Bio Ethanol Fireplaces Efficiency
A lot of people discuss and ask about the efficiency about ethanol fireplaces. Instead of answering the question, I will leave it up to you to assess whether ethanol fireplaces are efficient or not.
To me, efficiency of ethanol fireplaces consists of the heat they produce, the burning time and the operating cost of the fireplace.
The most interesting aspect for many is whether or not ethanol fireplaces give off any heat. The answer is clear: they do give a substantial amount of heat. However, you cannot use the fireplaces as a primary source of heat, but they are a nice supplement. Should you have a room between 20-50 sq. meters that gets cold during winter, you can easily use an ethanol fireplace to heat up the room.
The heat output is around 2.5-3.5 kW, which is enough to heat a fairly large room. The heat output depend on the size of the flame, which can be regulated (in most cases) with a rod & lid. The fuel is available in many different types, but in most cases there wont be a large difference, the flame size is the primary driver.
Once the fireplace is lit, it will usually take 15-25 minutes for it to heat up a room of 30-40 sq. meters. The fireplace produce heat from the second it is lit as flames appear very fast, and the heat is simply distributed as hot air flowing from the flames.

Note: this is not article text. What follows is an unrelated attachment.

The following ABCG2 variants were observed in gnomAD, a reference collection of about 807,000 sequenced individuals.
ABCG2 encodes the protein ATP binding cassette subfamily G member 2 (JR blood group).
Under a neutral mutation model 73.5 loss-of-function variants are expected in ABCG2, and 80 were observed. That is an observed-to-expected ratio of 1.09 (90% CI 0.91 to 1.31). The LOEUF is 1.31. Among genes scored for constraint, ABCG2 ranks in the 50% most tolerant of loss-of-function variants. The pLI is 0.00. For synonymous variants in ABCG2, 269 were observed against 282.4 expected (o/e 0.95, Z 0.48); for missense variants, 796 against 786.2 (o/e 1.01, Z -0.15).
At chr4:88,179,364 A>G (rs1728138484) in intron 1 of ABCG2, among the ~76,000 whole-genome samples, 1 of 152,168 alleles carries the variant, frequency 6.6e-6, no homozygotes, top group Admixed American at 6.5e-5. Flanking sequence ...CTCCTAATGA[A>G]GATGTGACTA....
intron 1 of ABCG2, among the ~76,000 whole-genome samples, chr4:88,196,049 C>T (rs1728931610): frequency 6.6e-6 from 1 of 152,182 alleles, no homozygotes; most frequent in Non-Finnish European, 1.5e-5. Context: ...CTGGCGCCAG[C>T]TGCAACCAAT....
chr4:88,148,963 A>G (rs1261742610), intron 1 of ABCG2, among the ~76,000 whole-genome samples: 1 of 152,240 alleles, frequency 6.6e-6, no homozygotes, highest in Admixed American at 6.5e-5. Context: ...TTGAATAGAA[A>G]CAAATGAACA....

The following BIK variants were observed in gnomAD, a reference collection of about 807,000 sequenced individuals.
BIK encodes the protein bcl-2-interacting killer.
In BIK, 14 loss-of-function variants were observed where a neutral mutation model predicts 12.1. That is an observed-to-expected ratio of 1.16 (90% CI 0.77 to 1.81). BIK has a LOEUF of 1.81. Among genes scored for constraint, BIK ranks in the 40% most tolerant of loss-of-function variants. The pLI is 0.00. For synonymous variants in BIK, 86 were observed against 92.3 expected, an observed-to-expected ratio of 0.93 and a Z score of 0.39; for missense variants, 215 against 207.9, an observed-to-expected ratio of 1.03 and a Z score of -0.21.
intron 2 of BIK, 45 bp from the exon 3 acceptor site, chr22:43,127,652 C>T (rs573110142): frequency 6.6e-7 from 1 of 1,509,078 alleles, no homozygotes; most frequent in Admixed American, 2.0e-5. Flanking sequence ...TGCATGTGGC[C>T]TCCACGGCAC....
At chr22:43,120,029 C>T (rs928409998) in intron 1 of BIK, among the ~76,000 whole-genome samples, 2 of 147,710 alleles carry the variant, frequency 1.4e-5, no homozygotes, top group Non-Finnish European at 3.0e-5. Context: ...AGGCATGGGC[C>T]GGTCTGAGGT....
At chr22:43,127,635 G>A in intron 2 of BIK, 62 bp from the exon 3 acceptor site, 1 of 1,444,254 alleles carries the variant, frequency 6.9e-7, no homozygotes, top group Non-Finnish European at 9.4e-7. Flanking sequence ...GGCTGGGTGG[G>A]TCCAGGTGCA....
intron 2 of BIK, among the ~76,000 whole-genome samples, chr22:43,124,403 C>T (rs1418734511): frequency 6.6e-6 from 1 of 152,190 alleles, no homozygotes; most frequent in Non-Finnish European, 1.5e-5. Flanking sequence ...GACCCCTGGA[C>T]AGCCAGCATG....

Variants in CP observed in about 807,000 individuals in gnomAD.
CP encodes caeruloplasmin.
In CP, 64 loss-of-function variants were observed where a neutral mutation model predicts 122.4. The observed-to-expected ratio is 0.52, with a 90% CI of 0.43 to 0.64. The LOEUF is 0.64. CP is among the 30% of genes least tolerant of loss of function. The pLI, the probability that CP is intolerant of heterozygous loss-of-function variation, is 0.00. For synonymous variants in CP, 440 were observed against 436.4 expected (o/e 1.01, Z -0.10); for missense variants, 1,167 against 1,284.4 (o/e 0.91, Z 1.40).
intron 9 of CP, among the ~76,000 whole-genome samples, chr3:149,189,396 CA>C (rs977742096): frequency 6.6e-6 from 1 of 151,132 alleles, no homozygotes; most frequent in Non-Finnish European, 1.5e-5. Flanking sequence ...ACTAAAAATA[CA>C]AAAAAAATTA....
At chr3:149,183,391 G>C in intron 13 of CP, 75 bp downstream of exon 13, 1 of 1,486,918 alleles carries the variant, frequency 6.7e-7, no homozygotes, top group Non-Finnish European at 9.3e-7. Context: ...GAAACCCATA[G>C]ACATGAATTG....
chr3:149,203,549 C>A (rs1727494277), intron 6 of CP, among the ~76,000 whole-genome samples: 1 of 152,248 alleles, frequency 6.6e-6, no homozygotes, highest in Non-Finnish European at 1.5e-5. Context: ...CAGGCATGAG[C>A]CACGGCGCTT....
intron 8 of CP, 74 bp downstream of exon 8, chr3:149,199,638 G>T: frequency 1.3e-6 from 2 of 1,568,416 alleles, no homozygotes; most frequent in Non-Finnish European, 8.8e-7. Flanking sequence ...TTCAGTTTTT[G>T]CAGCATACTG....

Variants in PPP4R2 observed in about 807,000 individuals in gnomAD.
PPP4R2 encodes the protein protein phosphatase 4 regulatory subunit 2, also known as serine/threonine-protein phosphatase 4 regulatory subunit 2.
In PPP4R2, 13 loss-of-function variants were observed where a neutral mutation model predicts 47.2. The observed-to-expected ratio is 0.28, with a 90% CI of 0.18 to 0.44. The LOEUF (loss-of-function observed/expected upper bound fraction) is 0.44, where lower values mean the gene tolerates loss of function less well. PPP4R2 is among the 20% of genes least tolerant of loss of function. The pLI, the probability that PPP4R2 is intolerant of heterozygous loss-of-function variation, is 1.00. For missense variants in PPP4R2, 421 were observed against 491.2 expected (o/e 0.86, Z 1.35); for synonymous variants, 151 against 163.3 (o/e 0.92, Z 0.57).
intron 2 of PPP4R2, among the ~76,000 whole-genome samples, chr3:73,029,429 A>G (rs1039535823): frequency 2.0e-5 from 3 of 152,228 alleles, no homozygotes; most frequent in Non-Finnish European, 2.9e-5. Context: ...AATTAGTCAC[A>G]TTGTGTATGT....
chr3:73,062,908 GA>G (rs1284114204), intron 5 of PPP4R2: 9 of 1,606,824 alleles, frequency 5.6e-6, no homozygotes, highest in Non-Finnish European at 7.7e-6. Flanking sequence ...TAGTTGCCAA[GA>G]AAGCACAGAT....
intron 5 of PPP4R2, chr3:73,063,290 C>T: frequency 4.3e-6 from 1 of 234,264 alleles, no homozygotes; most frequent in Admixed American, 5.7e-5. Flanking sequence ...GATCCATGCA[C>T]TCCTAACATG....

Another important aspect of ethanol fireplaces is the burning time. Many potential customers are concerned that they wont get more than 1-2 hours of flames, but don’t worry – most of the products I sell burn a minimum of 4-5 hours.
Not everyone is satisfied with 4-5 hours of flames, but once the fireplace runs out of fuel, you can easily refill the burner with bioethanol once it is cooled off (5-15 minutes).
In most settings, 1-3 hours is more than enough. If you fill a single litre of ethanol into the fireplace, you should get around 2 hours which is perfect, however filling the fireplace to the top gives better flames, and allows the fireplace to light up faster. Once lit, it takes 1-2 minutes for nice yellow flames to rise, as the fuel needs to get hot.
The heat or burning time wouldn’t really matter if the cost were unbearable. Therefore the efficiency also depends on the consumption of fuel, as it is the key driver of the cost. Obviously, the consumption of fuel varies a lot from model to model. As an example, I will use Vauni Globe as a reference point of calculating cost.
Burning time: min. 5 hours
Capacity: 2 litres
Cost of fuel: £2.5 per litre
Operating cost per hour: 5 / 2 x £2.5 = £1 per hour
Some models might not provide 5 hours on two litres of bioethanol, but for most of the products from Vauni this is the case.
So what’s your conclusion?
Personally I think that ethanol fireplaces are efficient in the sense that the cost is okay, the flames and burningtimes are perfect, and they give off enough heat. To me that’s all I need.